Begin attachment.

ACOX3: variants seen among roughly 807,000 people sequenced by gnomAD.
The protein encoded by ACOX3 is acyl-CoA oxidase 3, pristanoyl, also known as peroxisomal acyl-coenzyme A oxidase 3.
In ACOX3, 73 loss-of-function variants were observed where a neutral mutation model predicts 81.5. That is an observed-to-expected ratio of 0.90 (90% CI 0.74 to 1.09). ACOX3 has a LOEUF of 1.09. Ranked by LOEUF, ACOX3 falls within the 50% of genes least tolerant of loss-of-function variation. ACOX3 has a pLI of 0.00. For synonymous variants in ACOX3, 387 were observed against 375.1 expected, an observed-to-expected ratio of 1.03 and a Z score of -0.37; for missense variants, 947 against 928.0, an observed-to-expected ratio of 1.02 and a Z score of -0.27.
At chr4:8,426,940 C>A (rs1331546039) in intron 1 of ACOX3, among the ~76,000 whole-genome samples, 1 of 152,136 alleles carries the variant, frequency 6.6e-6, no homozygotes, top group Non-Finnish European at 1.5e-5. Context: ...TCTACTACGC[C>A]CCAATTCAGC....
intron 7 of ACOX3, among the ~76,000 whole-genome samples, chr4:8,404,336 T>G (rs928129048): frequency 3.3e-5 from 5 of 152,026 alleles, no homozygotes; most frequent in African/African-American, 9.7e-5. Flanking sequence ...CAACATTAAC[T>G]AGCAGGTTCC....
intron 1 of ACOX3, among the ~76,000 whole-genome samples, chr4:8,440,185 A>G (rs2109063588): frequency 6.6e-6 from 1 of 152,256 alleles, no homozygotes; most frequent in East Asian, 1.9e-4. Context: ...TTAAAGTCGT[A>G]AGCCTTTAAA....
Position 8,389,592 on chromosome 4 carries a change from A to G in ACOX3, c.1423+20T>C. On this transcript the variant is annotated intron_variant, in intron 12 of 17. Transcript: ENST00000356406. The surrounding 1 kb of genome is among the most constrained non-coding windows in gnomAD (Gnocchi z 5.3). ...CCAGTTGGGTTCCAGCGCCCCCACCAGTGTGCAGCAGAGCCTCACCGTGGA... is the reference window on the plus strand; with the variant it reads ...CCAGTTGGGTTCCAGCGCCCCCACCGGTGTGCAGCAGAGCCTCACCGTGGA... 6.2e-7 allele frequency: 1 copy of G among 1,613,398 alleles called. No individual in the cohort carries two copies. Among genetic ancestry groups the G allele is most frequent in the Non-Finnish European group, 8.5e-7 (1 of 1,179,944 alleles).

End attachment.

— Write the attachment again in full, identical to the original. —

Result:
ACOX3: variants seen among roughly 807,000 people sequenced by gnomAD.
The protein encoded by ACOX3 is acyl-CoA oxidase 3, pristanoyl, also known as peroxisomal acyl-coenzyme A oxidase 3.
In ACOX3, 73 loss-of-function variants were observed where a neutral mutation model predicts 81.5. That is an observed-to-expected ratio of 0.90 (90% CI 0.74 to 1.09). ACOX3 has a LOEUF of 1.09. Ranked by LOEUF, ACOX3 falls within the 50% of genes least tolerant of loss-of-function variation. ACOX3 has a pLI of 0.00. For synonymous variants in ACOX3, 387 were observed against 375.1 expected, an observed-to-expected ratio of 1.03 and a Z score of -0.37; for missense variants, 947 against 928.0, an observed-to-expected ratio of 1.02 and a Z score of -0.27.
At chr4:8,426,940 C>A (rs1331546039) in intron 1 of ACOX3, among the ~76,000 whole-genome samples, 1 of 152,136 alleles carries the variant, frequency 6.6e-6, no homozygotes, top group Non-Finnish European at 1.5e-5. Context: ...TCTACTACGC[C>A]CCAATTCAGC....
intron 7 of ACOX3, among the ~76,000 whole-genome samples, chr4:8,404,336 T>G (rs928129048): frequency 3.3e-5 from 5 of 152,026 alleles, no homozygotes; most frequent in African/African-American, 9.7e-5. Flanking sequence ...CAACATTAAC[T>G]AGCAGGTTCC....
intron 1 of ACOX3, among the ~76,000 whole-genome samples, chr4:8,440,185 A>G (rs2109063588): frequency 6.6e-6 from 1 of 152,256 alleles, no homozygotes; most frequent in East Asian, 1.9e-4. Context: ...TTAAAGTCGT[A>G]AGCCTTTAAA....
Position 8,389,592 on chromosome 4 carries a change from A to G in ACOX3, c.1423+20T>C. On this transcript the variant is annotated intron_variant, in intron 12 of 17. Transcript: ENST00000356406. The surrounding 1 kb of genome is among the most constrained non-coding windows in gnomAD (Gnocchi z 5.3). ...CCAGTTGGGTTCCAGCGCCCCCACCAGTGTGCAGCAGAGCCTCACCGTGGA... is the reference window on the plus strand; with the variant it reads ...CCAGTTGGGTTCCAGCGCCCCCACCGGTGTGCAGCAGAGCCTCACCGTGGA... 6.2e-7 allele frequency: 1 copy of G among 1,613,398 alleles called. No individual in the cohort carries two copies. Among genetic ancestry groups the G allele is most frequent in the Non-Finnish European group, 8.5e-7 (1 of 1,179,944 alleles).